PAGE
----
In the English-speaking world, women traditionally change their last names to their husbands’ when they marry, though women keeping their maiden (or birth) names now make up a significant minority.
These are hardly the only options and there are different traditions around the world. A patronymic (or matronymic) name doesn’t get changed: in Iceland, if a man named Jon has sons, they get the last name Jonsson, and daughters get Jonsdottir. Muslim women traditionally keep their last names, but in light of European (and especially English) influence, it may actually be seen as more “modern” for a woman to change her name.
A last name expresses connection to a family group, but in this culture a woman doesn’t stop being a member of her birth family if she marries and/or changes her name. Does this mean that names are meaningless? No, but they express a different kind of affiliation.
When you have a choice of names, whatever you choose you will communicate something, and a name is part of one’s public identity so it makes a public statement. Name keepers are generally seen to be making a statement about modernity, feminism, and/or career, while name changers are seen to be making a statement about tradition, religion, and/or family and motherhood.
But these aren’t necessarily the reasons underlying any specific individual’s choice, which may be more idiosyncratic. Although feminism is important to me, the uniqueness of my name and my strong attachment to it felt like the single biggest factor for choosing to keep it. In contrast, an acquaintance (who I believe is also a feminist) was very keen to get rid of a name she found embarrassing.
People who agree with a woman’s choice are prone to assume that she shares their values, while those who disagree are likely to assume she rejects their values. Some people go even further, understanding a rejection of their values (any values, not just re names) to be an attack on those values. Because these values go to identity, people tend to get defensive and thus automatically look for reasons why the other person is wrong, which undermines rational consideration.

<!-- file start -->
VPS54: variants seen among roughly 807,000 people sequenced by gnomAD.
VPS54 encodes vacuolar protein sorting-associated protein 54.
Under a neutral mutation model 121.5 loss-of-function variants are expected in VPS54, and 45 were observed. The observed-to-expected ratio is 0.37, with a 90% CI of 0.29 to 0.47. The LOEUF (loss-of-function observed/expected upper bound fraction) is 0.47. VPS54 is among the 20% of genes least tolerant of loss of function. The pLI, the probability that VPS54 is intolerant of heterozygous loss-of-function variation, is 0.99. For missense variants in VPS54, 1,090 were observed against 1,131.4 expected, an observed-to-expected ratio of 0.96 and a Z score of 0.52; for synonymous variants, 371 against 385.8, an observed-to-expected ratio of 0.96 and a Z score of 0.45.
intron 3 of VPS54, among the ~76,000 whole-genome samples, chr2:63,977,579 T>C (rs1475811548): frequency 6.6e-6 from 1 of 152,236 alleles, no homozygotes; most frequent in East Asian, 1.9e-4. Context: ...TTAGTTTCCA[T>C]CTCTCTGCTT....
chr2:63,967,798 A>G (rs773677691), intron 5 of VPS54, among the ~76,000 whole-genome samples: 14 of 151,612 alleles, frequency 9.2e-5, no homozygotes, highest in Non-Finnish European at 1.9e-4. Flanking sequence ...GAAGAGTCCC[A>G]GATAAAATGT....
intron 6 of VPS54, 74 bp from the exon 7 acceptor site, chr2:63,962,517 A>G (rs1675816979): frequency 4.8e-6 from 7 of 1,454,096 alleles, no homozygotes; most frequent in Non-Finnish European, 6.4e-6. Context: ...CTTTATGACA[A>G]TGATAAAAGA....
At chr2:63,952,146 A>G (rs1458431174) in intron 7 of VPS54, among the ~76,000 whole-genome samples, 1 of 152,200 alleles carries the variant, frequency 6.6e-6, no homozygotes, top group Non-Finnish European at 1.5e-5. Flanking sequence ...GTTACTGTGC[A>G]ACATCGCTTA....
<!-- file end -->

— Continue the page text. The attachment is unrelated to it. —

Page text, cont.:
A branch of feminism critiques the tradition of changing names because it’s patriarchal and reflects a view of women as possessions of men with no independent identity, rather than the autonomous individuals we know ourselves to be. While history is very important, the meaning of a tradition that you choose to observe is what it means to you now. If a woman changes her name because it is her authentic choice, we can safely assume that she either rejects the property connotation or she feels comfortable with it for one reason or another (maybe she’s marrying her dom and it feels deliciously submissive). Autonomy means making decisions for yourself, and if women must keep their names in order to qualify as “feminist”, this simply exchanges male authority for female authority, and a woman’s individual autonomy is denied just as much under either system. To me, the true feminist approach is one that gives women a meaningful choice and honours their decisions.
I think boundaries have a role to play here. It’s important to understand that your choice is “your stuff” and other people’s choices are “not your stuff”. My choice is about me, not you, and vice versa. I’m a name keeper, so if you’re a changer, I may expect to find that we don’t have much in common — just like if I found out you were into jazz — but I’m willing to be proved wrong.